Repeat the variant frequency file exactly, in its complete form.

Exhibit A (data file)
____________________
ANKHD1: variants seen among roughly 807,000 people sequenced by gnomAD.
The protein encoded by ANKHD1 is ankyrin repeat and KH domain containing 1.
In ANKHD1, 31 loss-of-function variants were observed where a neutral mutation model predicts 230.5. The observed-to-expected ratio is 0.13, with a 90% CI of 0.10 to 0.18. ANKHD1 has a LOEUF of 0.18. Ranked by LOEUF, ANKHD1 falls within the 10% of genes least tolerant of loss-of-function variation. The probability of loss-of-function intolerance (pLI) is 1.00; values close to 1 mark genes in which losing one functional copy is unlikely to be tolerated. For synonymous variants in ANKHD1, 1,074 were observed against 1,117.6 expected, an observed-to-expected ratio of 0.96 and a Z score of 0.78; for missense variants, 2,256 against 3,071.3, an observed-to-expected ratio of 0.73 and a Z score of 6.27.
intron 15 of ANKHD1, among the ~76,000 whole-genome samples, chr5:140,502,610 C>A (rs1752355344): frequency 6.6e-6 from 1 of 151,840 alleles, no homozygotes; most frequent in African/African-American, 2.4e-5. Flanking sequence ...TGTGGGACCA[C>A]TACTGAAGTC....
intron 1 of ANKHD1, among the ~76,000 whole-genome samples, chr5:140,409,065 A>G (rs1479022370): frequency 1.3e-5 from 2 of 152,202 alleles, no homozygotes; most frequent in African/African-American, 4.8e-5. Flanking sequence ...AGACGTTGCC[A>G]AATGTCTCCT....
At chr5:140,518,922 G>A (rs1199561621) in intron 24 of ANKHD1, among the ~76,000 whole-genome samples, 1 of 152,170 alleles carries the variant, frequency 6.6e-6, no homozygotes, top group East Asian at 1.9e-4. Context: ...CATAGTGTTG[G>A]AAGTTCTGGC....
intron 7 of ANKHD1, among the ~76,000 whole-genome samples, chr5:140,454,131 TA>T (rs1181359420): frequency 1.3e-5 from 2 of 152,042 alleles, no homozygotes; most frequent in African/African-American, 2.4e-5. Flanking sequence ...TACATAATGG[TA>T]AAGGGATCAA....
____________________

ANKHD1: variants seen among roughly 807,000 people sequenced by gnomAD.
The protein encoded by ANKHD1 is ankyrin repeat and KH domain containing 1.
In ANKHD1, 31 loss-of-function variants were observed where a neutral mutation model predicts 230.5. The observed-to-expected ratio is 0.13, with a 90% CI of 0.10 to 0.18. ANKHD1 has a LOEUF of 0.18. Ranked by LOEUF, ANKHD1 falls within the 10% of genes least tolerant of loss-of-function variation. The probability of loss-of-function intolerance (pLI) is 1.00; values close to 1 mark genes in which losing one functional copy is unlikely to be tolerated. For synonymous variants in ANKHD1, 1,074 were observed against 1,117.6 expected, an observed-to-expected ratio of 0.96 and a Z score of 0.78; for missense variants, 2,256 against 3,071.3, an observed-to-expected ratio of 0.73 and a Z score of 6.27.
intron 15 of ANKHD1, among the ~76,000 whole-genome samples, chr5:140,502,610 C>A (rs1752355344): frequency 6.6e-6 from 1 of 151,840 alleles, no homozygotes; most frequent in African/African-American, 2.4e-5. Flanking sequence ...TGTGGGACCA[C>A]TACTGAAGTC....
intron 1 of ANKHD1, among the ~76,000 whole-genome samples, chr5:140,409,065 A>G (rs1479022370): frequency 1.3e-5 from 2 of 152,202 alleles, no homozygotes; most frequent in African/African-American, 4.8e-5. Flanking sequence ...AGACGTTGCC[A>G]AATGTCTCCT....
At chr5:140,518,922 G>A (rs1199561621) in intron 24 of ANKHD1, among the ~76,000 whole-genome samples, 1 of 152,170 alleles carries the variant, frequency 6.6e-6, no homozygotes, top group East Asian at 1.9e-4. Context: ...CATAGTGTTG[G>A]AAGTTCTGGC....
intron 7 of ANKHD1, among the ~76,000 whole-genome samples, chr5:140,454,131 TA>T (rs1181359420): frequency 1.3e-5 from 2 of 152,042 alleles, no homozygotes; most frequent in African/African-American, 2.4e-5. Flanking sequence ...TACATAATGG[TA>T]AAGGGATCAA....